Here’s the same development’s landscape, but different treatments to the same plants and for no apparent reason. Is someone listening and starting to think while experimenting?
Yucca faxoniana / Faxon or Palm Yucca
These different treatments are under 8 feet apart. The missing understory plants is another topic, for now.
Above: that yucca has been allowed to grow naturally, with a spiky sphere of live, green foliage to photosynthesize (manufacture food) for its roots. I learned about photosynthesis by the 7th grade!
Food is crucial to long-lived plants.
Below: this yucca has had over 1/2 of it’s live, green foliage removed. Often someone believes it needs trimming to look better. The live crown, important to plant health, was exposed from over-pruning; only the bottom 3 inches is brown and appropriate for removal, if at all.
One can research the need for plant photosynthesis and ways to neaten the skirt of dead leaves on yuccas (or palms) without doing long-term damage to the crown.
“Look better?” At least this couple gets to change out of their party costume; the plant can’t and is affected for years:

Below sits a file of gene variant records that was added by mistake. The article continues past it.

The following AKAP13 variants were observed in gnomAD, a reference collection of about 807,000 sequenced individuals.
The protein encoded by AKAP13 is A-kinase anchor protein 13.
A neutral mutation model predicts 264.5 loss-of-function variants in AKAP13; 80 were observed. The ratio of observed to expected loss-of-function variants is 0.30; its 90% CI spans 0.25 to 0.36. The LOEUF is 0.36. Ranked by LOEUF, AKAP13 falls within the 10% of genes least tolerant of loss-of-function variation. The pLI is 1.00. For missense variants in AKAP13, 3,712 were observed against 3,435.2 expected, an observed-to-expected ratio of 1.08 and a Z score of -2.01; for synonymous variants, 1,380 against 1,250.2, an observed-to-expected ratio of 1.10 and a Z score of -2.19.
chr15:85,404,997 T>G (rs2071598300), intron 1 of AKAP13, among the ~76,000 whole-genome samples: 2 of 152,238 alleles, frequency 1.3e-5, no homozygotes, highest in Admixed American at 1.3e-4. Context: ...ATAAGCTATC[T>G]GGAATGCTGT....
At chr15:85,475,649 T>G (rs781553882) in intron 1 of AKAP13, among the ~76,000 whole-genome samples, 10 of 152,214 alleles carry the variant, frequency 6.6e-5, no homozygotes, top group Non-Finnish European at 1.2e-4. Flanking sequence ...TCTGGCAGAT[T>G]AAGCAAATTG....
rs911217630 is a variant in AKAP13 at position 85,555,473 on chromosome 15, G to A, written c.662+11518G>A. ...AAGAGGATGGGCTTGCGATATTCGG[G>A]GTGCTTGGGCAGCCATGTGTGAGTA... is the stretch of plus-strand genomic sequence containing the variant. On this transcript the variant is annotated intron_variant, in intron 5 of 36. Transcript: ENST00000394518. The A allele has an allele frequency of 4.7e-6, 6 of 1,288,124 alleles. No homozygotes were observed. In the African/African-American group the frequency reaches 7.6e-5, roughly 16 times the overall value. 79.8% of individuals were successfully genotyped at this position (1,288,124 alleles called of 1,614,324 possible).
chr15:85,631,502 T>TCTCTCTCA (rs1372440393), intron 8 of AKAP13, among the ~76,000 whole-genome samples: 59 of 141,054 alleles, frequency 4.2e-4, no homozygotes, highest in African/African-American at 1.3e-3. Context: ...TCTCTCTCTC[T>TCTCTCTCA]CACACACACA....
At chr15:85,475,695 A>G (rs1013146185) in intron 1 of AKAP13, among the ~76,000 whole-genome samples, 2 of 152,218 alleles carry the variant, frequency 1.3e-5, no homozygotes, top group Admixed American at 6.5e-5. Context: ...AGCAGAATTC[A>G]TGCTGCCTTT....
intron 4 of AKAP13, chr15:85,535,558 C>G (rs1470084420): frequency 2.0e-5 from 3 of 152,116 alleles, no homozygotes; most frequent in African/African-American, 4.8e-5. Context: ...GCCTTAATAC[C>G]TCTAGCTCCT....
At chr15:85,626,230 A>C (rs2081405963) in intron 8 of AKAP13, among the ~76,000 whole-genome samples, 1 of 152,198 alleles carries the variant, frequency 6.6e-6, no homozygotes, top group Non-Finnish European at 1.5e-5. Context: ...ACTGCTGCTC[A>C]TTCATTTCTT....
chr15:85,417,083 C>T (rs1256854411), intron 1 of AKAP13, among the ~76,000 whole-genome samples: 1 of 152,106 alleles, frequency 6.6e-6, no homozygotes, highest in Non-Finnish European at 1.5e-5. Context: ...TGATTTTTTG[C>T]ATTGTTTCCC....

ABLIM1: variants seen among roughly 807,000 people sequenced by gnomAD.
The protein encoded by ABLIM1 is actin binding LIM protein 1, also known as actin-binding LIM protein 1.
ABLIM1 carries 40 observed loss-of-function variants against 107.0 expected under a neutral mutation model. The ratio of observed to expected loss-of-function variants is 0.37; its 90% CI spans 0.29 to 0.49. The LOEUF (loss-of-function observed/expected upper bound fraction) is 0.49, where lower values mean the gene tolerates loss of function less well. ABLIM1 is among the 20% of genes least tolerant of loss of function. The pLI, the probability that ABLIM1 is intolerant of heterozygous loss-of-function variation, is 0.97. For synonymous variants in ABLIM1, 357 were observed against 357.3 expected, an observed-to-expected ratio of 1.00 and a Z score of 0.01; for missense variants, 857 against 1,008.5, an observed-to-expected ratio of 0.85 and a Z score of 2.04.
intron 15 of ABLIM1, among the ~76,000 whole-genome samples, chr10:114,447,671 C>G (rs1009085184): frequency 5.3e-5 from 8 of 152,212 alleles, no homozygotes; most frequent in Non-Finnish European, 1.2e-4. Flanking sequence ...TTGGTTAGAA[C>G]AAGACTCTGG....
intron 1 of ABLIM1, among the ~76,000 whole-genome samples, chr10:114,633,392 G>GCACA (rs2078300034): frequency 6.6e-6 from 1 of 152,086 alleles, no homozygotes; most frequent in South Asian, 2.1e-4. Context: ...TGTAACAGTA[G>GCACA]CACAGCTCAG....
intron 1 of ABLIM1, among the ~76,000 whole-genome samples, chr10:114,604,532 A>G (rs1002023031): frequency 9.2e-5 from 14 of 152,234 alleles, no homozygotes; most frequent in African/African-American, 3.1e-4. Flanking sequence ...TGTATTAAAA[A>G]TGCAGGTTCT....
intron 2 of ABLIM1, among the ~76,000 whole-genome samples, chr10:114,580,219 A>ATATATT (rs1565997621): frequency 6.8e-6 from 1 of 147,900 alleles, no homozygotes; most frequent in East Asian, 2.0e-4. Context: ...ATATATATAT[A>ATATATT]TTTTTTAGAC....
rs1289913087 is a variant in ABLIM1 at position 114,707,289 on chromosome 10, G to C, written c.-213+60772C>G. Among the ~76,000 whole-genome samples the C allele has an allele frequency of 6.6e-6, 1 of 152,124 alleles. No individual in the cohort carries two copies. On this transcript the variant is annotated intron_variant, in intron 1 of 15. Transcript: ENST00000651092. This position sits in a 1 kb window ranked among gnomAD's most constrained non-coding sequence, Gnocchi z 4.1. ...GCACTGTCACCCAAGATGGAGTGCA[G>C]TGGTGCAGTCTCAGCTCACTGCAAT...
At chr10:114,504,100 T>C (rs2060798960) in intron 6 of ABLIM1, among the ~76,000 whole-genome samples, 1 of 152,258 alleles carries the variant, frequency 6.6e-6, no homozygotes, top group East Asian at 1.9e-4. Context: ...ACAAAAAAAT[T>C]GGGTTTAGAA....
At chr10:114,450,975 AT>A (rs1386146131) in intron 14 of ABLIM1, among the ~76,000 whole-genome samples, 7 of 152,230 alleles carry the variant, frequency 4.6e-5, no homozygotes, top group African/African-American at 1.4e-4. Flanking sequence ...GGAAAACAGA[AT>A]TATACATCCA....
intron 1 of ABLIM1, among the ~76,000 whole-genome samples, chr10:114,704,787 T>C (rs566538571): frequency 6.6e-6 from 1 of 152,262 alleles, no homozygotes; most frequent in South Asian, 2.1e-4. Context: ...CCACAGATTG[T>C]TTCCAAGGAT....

Dasylirion wheeleri / Blue Sotol
Above: adequate room, but left to grow naturally. Below: adequate room, but the aesthetic of the original plants is gone for a long time. The sotols won’t soften the view of utility boxes, either.
I’m sure any relationship between Hawai’i and Las Cruces is a coincidence.
Nolina greenei / Beargrass
Above: adequate room, but the beargrasses are left to grow naturally and sway in the wind. Below: adequate room, but the beargrasses met the power hedge trimmers and became chopped cylinders.
All the above plant species require no pruning or shaping, and they look better that way than what many do.
Money saved by not doing counterproductive tasks can be applied to necessary landscape tasks. Imagine how much money adds up long-term, when monthly or even quarterly tasks are pared down to only what’s beneficial.
It costs less to do nothing or use restraint, and have elegance.
In another post, I’ll show you what can happen to ocotillos around these parts. Many aren’t so lucky, but these are sliding by so far!